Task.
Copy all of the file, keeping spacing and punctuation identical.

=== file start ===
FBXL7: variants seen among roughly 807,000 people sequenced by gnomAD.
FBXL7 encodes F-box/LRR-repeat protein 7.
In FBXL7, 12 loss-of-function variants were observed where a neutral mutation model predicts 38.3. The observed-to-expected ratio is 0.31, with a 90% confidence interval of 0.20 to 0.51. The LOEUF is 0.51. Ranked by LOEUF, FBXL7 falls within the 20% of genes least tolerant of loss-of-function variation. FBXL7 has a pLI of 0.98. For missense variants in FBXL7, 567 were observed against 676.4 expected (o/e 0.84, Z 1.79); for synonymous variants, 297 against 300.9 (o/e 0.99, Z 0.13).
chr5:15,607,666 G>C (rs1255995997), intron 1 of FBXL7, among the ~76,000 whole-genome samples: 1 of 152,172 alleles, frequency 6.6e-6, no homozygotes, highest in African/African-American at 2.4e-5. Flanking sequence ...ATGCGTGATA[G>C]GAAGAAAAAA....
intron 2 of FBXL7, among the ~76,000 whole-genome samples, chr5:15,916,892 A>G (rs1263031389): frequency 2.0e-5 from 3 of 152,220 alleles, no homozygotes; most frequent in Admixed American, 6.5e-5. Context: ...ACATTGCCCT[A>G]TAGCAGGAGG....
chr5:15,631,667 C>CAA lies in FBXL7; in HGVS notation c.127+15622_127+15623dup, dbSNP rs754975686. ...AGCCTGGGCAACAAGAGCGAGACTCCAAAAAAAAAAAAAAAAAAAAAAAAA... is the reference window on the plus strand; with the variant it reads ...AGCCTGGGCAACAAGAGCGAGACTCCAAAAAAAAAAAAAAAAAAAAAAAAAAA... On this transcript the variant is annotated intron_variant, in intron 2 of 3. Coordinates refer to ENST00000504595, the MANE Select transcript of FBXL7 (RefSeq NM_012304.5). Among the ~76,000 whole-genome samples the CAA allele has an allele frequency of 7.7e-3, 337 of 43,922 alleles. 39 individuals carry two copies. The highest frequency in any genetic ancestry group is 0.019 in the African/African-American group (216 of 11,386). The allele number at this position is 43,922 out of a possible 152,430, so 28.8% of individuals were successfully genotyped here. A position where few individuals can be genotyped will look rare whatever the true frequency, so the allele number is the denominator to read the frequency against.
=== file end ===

FBXL7: variants seen among roughly 807,000 people sequenced by gnomAD.
FBXL7 encodes F-box/LRR-repeat protein 7.
In FBXL7, 12 loss-of-function variants were observed where a neutral mutation model predicts 38.3. The observed-to-expected ratio is 0.31, with a 90% confidence interval of 0.20 to 0.51. The LOEUF is 0.51. Ranked by LOEUF, FBXL7 falls within the 20% of genes least tolerant of loss-of-function variation. FBXL7 has a pLI of 0.98. For missense variants in FBXL7, 567 were observed against 676.4 expected (o/e 0.84, Z 1.79); for synonymous variants, 297 against 300.9 (o/e 0.99, Z 0.13).
chr5:15,607,666 G>C (rs1255995997), intron 1 of FBXL7, among the ~76,000 whole-genome samples: 1 of 152,172 alleles, frequency 6.6e-6, no homozygotes, highest in African/African-American at 2.4e-5. Flanking sequence ...ATGCGTGATA[G>C]GAAGAAAAAA....
intron 2 of FBXL7, among the ~76,000 whole-genome samples, chr5:15,916,892 A>G (rs1263031389): frequency 2.0e-5 from 3 of 152,220 alleles, no homozygotes; most frequent in Admixed American, 6.5e-5. Context: ...ACATTGCCCT[A>G]TAGCAGGAGG....
chr5:15,631,667 C>CAA lies in FBXL7; in HGVS notation c.127+15622_127+15623dup, dbSNP rs754975686. ...AGCCTGGGCAACAAGAGCGAGACTCCAAAAAAAAAAAAAAAAAAAAAAAAA... is the reference window on the plus strand; with the variant it reads ...AGCCTGGGCAACAAGAGCGAGACTCCAAAAAAAAAAAAAAAAAAAAAAAAAAA... On this transcript the variant is annotated intron_variant, in intron 2 of 3. Coordinates refer to ENST00000504595, the MANE Select transcript of FBXL7 (RefSeq NM_012304.5). Among the ~76,000 whole-genome samples the CAA allele has an allele frequency of 7.7e-3, 337 of 43,922 alleles. 39 individuals carry two copies. The highest frequency in any genetic ancestry group is 0.019 in the African/African-American group (216 of 11,386). The allele number at this position is 43,922 out of a possible 152,430, so 28.8% of individuals were successfully genotyped here. A position where few individuals can be genotyped will look rare whatever the true frequency, so the allele number is the denominator to read the frequency against.